Now he found himself stuck in some great stone egg. Yep, this would be a tough problem to solve. Jok slipped off his pack and removed his boots and socks to let his feet air out while he considered his predicament. He wandered over to the pool. Gingerly, he dipped a big toe in the cool water. It felt good. He waded into it slowly. Jok had just begun to think of how slick the bottom of the pool was when his feet slipped out from under him. He slid quickly toward the center of the pool. As he suspected, the floor of the pool seemed to follow the same curve as the rest of the cavern. That is... until he reached the center. Perhaps 3 feet from the very center of the pool, the bottom suddenly dropped out. Jok found himself sputtering, trying to catch his breath, and treading water in the center of the milky pool. Jok was just beginning to wonder if the pool might offer some means of escape when he what felt like hands grabbed him around the ankles and tugged him downward. Jok's next thought was, yep, the pool definitely offered some means of escape.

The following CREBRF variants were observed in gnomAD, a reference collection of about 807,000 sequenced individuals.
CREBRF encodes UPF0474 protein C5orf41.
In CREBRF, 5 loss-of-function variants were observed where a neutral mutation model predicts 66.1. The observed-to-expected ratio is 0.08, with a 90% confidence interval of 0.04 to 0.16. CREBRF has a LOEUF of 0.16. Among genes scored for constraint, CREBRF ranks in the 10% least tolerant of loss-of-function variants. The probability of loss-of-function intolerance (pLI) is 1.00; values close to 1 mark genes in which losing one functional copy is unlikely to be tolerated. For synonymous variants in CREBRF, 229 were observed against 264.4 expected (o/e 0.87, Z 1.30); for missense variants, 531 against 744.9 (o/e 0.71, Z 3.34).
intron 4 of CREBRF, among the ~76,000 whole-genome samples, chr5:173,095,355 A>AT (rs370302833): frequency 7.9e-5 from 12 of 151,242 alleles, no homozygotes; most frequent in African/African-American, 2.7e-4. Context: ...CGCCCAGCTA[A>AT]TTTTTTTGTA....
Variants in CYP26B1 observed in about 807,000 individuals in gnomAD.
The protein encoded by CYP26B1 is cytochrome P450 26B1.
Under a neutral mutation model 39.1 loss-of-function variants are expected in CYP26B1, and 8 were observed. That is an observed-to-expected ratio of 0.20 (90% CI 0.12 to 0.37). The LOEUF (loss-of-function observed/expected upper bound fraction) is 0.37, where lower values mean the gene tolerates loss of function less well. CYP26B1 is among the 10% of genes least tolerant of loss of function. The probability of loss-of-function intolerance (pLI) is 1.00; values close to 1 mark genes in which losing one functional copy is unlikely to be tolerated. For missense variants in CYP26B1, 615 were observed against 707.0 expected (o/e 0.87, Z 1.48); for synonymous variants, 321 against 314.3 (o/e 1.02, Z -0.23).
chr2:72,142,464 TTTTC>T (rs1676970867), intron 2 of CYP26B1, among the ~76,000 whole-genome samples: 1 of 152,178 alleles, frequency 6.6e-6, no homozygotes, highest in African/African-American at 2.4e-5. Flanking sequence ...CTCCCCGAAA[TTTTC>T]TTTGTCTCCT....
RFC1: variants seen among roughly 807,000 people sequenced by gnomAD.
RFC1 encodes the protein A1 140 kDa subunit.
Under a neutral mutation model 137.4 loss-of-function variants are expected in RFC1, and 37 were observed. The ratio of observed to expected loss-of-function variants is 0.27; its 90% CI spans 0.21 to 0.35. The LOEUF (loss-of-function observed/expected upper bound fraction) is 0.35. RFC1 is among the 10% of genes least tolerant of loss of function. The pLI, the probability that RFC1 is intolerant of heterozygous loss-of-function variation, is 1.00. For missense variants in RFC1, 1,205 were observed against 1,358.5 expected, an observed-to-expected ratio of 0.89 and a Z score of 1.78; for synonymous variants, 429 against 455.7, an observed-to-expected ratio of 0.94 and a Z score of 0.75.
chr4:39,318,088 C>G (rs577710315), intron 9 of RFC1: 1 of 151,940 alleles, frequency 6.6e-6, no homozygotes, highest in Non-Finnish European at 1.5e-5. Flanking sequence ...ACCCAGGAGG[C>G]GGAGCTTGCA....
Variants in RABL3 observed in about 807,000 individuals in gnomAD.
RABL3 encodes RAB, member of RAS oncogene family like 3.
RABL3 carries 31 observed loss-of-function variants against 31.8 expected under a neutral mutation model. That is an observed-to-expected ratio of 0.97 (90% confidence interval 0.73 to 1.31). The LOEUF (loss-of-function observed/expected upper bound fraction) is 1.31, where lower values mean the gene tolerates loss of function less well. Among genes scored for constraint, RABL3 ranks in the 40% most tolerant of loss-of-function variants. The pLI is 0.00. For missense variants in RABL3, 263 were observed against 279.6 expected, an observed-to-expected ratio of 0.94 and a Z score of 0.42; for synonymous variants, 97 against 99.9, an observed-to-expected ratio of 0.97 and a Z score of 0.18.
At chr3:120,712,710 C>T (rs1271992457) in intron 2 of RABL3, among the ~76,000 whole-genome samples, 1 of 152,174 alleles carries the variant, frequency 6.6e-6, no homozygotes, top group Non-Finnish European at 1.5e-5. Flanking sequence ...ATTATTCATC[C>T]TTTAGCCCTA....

Wednesday, July 27, 2005

Jitterbug Boy


In my business, you gotta be ready. You gotta be ready to make somethin' out of nothin'. You gotta be ready to create that ol' song and dance, that pop and sizzle razzle dazzle. You gotta make wow outa mush and juice outa lemons. You got air? Make marshmallows. You got rain? Make gravy. You got leaves? Rake 'em into a big ass pile and sell jumps for a buck. That's my job. Jumps for a buck. Hop on my brain and take a hey ride.